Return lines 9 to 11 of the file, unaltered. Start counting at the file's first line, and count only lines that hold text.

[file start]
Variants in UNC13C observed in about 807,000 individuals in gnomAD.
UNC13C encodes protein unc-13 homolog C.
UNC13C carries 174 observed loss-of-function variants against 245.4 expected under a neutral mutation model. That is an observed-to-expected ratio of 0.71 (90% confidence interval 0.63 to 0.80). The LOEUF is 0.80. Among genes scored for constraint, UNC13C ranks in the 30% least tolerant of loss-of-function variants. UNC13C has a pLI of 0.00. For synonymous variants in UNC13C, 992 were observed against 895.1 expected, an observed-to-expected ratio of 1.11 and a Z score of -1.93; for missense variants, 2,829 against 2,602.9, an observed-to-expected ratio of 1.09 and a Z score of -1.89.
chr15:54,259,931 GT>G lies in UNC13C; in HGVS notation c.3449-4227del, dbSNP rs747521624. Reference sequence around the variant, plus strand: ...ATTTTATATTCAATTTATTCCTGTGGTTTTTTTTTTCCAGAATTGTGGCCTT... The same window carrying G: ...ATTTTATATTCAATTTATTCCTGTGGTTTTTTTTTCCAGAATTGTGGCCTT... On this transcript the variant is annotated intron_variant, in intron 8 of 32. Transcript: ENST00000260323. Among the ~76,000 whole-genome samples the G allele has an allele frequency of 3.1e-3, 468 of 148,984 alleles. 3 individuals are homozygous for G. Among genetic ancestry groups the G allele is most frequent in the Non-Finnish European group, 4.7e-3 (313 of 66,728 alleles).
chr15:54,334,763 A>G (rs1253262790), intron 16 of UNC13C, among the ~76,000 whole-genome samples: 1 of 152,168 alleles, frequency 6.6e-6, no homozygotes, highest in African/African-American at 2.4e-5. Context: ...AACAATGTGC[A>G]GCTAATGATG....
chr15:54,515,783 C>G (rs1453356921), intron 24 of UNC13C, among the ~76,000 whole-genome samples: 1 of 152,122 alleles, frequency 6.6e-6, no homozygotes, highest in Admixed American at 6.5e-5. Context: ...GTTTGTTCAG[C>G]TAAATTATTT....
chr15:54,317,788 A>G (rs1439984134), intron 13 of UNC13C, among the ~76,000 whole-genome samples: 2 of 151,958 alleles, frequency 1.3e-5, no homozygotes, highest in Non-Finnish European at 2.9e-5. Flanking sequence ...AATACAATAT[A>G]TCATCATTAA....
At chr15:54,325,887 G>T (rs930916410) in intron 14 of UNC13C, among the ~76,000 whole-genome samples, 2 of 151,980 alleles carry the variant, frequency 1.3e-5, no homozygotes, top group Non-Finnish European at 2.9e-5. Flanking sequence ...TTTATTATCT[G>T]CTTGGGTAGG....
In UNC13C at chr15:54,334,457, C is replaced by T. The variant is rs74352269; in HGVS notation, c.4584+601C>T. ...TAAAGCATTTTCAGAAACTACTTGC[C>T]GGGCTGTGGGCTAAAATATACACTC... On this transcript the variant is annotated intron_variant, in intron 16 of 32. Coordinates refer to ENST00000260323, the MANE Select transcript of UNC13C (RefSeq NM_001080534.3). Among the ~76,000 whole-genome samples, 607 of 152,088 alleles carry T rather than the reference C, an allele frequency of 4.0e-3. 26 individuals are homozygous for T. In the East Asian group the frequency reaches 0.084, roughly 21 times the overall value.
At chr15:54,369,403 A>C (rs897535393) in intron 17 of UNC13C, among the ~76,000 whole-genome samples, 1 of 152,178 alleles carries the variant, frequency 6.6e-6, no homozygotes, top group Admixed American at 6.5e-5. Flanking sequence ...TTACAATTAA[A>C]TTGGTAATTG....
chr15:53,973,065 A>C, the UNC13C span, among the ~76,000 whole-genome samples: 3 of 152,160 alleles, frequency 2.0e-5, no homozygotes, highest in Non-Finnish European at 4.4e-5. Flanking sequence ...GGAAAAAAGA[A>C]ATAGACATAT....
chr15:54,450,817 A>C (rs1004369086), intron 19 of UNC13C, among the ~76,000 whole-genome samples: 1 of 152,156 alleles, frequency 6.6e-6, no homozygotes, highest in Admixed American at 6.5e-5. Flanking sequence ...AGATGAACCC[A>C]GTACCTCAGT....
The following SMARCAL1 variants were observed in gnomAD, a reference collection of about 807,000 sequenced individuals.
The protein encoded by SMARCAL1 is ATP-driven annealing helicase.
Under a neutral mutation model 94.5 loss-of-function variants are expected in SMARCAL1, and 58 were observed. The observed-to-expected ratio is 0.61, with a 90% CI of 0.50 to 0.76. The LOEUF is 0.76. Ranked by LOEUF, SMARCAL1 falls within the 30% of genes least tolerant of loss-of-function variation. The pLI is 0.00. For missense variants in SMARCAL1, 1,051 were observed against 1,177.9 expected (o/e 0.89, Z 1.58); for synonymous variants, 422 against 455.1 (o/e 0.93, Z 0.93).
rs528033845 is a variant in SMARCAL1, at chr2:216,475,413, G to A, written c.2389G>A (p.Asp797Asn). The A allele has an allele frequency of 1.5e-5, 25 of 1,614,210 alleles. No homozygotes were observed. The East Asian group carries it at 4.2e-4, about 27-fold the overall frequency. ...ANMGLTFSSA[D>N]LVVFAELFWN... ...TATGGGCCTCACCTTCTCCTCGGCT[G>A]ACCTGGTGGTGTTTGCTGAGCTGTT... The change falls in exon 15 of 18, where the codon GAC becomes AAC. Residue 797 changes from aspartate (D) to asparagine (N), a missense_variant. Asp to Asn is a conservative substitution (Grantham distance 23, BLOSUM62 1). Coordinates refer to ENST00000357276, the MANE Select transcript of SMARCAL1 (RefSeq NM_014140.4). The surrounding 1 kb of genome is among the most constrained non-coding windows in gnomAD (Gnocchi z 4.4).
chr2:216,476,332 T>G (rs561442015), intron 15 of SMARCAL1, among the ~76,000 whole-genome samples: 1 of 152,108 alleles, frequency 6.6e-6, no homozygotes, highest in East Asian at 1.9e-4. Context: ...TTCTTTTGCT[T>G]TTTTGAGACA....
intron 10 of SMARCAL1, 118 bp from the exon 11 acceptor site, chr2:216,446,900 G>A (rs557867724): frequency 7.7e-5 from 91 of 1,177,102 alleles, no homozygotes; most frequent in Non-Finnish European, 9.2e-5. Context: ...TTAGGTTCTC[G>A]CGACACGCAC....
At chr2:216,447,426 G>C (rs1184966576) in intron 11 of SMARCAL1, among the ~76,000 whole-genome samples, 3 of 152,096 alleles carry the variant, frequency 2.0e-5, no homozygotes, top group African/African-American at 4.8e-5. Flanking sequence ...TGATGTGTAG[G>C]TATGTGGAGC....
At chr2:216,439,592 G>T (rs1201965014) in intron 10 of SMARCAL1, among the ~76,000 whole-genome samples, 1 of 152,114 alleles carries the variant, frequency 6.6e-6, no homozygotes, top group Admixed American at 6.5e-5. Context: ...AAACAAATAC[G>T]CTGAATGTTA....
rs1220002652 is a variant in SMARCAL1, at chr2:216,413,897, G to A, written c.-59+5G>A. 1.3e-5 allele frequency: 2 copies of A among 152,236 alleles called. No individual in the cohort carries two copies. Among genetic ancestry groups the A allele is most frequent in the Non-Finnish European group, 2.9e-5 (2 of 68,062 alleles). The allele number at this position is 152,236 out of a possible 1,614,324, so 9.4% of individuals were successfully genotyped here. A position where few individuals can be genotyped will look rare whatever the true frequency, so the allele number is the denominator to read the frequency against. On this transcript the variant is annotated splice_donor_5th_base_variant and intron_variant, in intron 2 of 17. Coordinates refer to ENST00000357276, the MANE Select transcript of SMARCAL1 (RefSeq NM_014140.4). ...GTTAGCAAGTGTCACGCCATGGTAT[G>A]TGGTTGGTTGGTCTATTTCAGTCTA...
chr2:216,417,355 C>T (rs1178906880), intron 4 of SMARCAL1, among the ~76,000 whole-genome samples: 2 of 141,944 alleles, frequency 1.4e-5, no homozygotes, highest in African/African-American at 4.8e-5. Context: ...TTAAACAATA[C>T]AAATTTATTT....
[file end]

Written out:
In UNC13C at chr15:54,334,457, C is replaced by T. The variant is rs74352269; in HGVS notation, c.4584+601C>T. ...TAAAGCATTTTCAGAAACTACTTGC[C>T]GGGCTGTGGGCTAAAATATACACTC... On this transcript the variant is annotated intron_variant, in intron 16 of 32. Coordinates refer to ENST00000260323, the MANE Select transcript of UNC13C (RefSeq NM_001080534.3). Among the ~76,000 whole-genome samples, 607 of 152,088 alleles carry T rather than the reference C, an allele frequency of 4.0e-3. 26 individuals are homozygous for T. In the East Asian group the frequency reaches 0.084, roughly 21 times the overall value.
At chr15:54,369,403 A>C (rs897535393) in intron 17 of UNC13C, among the ~76,000 whole-genome samples, 1 of 152,178 alleles carries the variant, frequency 6.6e-6, no homozygotes, top group Admixed American at 6.5e-5. Flanking sequence ...TTACAATTAA[A>C]TTGGTAATTG....
chr15:53,973,065 A>C, the UNC13C span, among the ~76,000 whole-genome samples: 3 of 152,160 alleles, frequency 2.0e-5, no homozygotes, highest in Non-Finnish European at 4.4e-5. Flanking sequence ...GGAAAAAAGA[A>C]ATAGACATAT....